For a long time after the Arab terrorist attacks in the United States on September 11, 2001, which brought down the twin towers of the World Trade Center in Manhattan, damaged the Pentagon in Washington, D.C., and killed close to 3,000 people, Islamic radicalism was regarded as the number one enemy.
In recent years, however, white supremacist/neo-Nazi violence has morphed into the chief threat facing Americans.
As the Department of Homeland Security Secretary Chad Wolf wrote in a report last month, “I am concerned about any form of violent extremism. But I am particularly concerned about white supremacist violent extremists who have been exceptionally lethal in their abhorrent, targeted attacks in recent years.”
Wolf said that these extremists “seek to force ideological change in the United States through violence, death, and destruction.”
Interestingly enough, Wolf’s report does not even mention Antifa, the loose network of anti-fascist activists who have confronted white supremacists at demonstrations, most notably at Charlottesville in the summer of 2017.
Yet President Donald Trump has repeatedly blasted Antifa while soft-peddling white supremacy.
Since 2018, white supremacists have launched more violent attacks and caused more deaths than any other ideologically motivated extremists, according to the U.S. government.
They have carried out half of the sixteen major attacks that have killed 39 people across the country, 12 of whose victims were Jewish. They were murdered by neo-Nazi thugs in synagogue shootings in Pittsburgh and Poway, California.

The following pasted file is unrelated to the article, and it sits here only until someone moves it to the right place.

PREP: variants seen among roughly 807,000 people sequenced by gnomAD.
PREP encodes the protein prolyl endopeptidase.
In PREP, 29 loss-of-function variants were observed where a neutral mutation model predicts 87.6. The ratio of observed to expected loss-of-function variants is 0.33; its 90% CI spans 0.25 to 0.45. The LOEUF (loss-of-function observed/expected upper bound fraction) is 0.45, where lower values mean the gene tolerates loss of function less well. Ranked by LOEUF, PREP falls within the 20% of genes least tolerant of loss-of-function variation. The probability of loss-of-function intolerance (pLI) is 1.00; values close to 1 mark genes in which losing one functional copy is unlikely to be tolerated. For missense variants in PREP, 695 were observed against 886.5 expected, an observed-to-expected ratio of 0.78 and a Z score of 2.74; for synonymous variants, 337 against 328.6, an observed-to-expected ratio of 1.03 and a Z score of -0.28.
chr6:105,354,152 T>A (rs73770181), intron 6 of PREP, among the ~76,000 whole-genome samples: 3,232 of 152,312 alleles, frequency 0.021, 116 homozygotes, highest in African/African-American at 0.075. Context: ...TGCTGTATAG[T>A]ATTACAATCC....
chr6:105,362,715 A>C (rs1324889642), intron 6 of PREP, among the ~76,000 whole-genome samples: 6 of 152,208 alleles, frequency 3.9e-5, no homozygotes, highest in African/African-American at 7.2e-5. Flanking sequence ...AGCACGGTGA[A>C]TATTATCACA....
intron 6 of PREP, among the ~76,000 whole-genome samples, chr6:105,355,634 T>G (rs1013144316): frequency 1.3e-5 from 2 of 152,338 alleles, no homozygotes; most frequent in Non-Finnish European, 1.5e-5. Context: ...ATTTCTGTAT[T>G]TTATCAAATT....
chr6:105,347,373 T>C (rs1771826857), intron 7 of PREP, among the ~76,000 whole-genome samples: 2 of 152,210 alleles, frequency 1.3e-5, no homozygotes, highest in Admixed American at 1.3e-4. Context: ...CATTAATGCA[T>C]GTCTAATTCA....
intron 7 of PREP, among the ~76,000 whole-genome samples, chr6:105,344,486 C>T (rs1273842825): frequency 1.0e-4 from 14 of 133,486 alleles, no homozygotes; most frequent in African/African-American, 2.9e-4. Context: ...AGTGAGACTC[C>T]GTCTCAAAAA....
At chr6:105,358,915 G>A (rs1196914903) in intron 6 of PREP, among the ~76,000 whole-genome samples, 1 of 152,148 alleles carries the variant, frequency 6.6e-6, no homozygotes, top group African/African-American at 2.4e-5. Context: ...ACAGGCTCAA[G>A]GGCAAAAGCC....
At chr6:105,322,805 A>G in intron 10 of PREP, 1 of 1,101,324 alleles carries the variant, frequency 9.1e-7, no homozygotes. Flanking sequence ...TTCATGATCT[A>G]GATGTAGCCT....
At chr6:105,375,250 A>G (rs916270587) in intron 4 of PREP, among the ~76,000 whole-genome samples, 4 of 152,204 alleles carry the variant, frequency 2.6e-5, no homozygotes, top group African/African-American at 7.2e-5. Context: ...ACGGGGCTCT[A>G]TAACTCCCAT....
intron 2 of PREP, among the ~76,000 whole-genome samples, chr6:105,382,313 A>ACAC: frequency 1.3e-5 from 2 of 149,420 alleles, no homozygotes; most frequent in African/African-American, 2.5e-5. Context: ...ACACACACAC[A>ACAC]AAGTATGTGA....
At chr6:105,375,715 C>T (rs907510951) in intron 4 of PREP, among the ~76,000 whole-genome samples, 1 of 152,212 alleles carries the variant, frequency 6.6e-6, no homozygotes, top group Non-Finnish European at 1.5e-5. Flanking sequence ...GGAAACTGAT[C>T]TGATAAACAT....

The Homeland Security Department believes that white supremacist extremists will remain “the most persistent and lethal threat in the United States.”
These bigots target racial and religious minorities, members of the LGBTQ+ community, politicians, and anyone who promotes multiculturalism and globalization.
The director of the Federal Bureau of Investigation (FBI), Christopher Wray, has drawn similar conclusions.
At a recent hearing in Congress, Elissa Slotkin, a member of the House of Representatives, asked Wray to discuss the dangers posed by white supremacists. “Racially-motivated violent extremists over recent years have been responsible for the most lethal activity in the U.S.,” he said, echoing Wolf.
Wray’s testimony has been endorsed by Michael Jensen, the principal investigator at the National Consortium for the Study of Terrorism and Responses to Terrorism at the University of Maryland.
“Racially and ethnically-motivated violent extremists, specifically white supremacist extremists, will remain the most persistent and lethal threat to the homeland,” he said.
In a separate study, the Center for Strategic and International Security concluded that the “most significant threat likely comes from white supremacists, though anarchists and religious extremists inspired by the Islamic State and Al-Qaeda could present a potential threat as well.”
It’s abundantly clear that far-right extremists represent a clear and present danger to Americans, particularly Jews and African Americans.
When will Trump finally wake up and respond accordingly?